On previous occasions where this standing committee has undertaken a study on a question of privilege, the committee has often invited the member who raised the question of privilege to appear as a witness. If other members are directly implicated or affected by a question of privilege, they are often also invited to appear to describe the effect of the breach on their work. When departments or ministries of the government may have relevant information to provide, the appropriate minister has appeared before the committee, accompanied by senior departmental officials.


    In 2001, a similar question of privilege was referred to the Standing Committee on Procedure and House Affairs by the House after the Speaker ruled that the disclosure of details about a bill to the media before its introduction in the House constituted a prima facie question of privilege.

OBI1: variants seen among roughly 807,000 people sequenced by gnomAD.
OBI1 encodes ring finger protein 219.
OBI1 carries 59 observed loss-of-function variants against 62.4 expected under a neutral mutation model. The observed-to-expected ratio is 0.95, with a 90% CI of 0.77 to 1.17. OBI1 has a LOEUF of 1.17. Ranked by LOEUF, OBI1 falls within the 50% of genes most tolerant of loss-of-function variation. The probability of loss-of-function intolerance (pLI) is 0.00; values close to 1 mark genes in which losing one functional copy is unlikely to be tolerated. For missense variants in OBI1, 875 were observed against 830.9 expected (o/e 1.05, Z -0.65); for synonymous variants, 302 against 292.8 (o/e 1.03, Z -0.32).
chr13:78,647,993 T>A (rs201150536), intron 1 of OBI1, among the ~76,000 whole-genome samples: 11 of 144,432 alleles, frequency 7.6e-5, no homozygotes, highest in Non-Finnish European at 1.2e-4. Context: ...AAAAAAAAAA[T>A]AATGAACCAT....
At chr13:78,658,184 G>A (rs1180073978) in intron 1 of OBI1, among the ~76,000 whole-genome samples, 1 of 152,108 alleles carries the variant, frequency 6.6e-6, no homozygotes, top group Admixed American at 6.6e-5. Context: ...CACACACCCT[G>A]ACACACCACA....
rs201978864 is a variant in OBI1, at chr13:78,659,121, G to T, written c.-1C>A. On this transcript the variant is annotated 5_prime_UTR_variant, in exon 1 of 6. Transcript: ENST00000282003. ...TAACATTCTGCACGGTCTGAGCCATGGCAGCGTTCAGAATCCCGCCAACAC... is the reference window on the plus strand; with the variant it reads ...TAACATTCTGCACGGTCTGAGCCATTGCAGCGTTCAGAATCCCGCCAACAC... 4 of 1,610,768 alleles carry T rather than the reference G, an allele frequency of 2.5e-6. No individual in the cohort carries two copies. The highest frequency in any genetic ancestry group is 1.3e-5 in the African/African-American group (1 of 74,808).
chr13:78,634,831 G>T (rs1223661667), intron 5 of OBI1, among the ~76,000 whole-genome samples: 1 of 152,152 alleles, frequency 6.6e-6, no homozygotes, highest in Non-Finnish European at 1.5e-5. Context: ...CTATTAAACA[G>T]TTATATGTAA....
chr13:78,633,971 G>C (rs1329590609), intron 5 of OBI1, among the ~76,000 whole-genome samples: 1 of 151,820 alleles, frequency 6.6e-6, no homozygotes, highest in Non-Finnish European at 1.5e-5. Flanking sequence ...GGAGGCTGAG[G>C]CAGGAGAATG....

In conducting its study, the committee heard from the member who initially raised the question and ultimately moved the motion. The Minister of Justice, as well as senior officials from the Privy Council Office, also appeared.
    In response to a previous question of privilege that same year on a similar topic, the government had already initiated an administrative review by a private company regarding the disclosure. Therefore, to aid in its study, the committee exercised its right to request documents and receive a copy of the report.


    As a result, in terms of process, a summary of the committee's hearings, or any other documents or reports examined in the course of its study, then becomes the basis for a report should the committee wish to prepare one. The report may then be presented to the House, and a motion for concurrence in the report may eventually be moved, debated, and ultimately subject to a decision by the House. In the past, reports on questions of privilege have usually included the context surrounding the question of privilege and any concrete recommendations that the committee feels are helpful.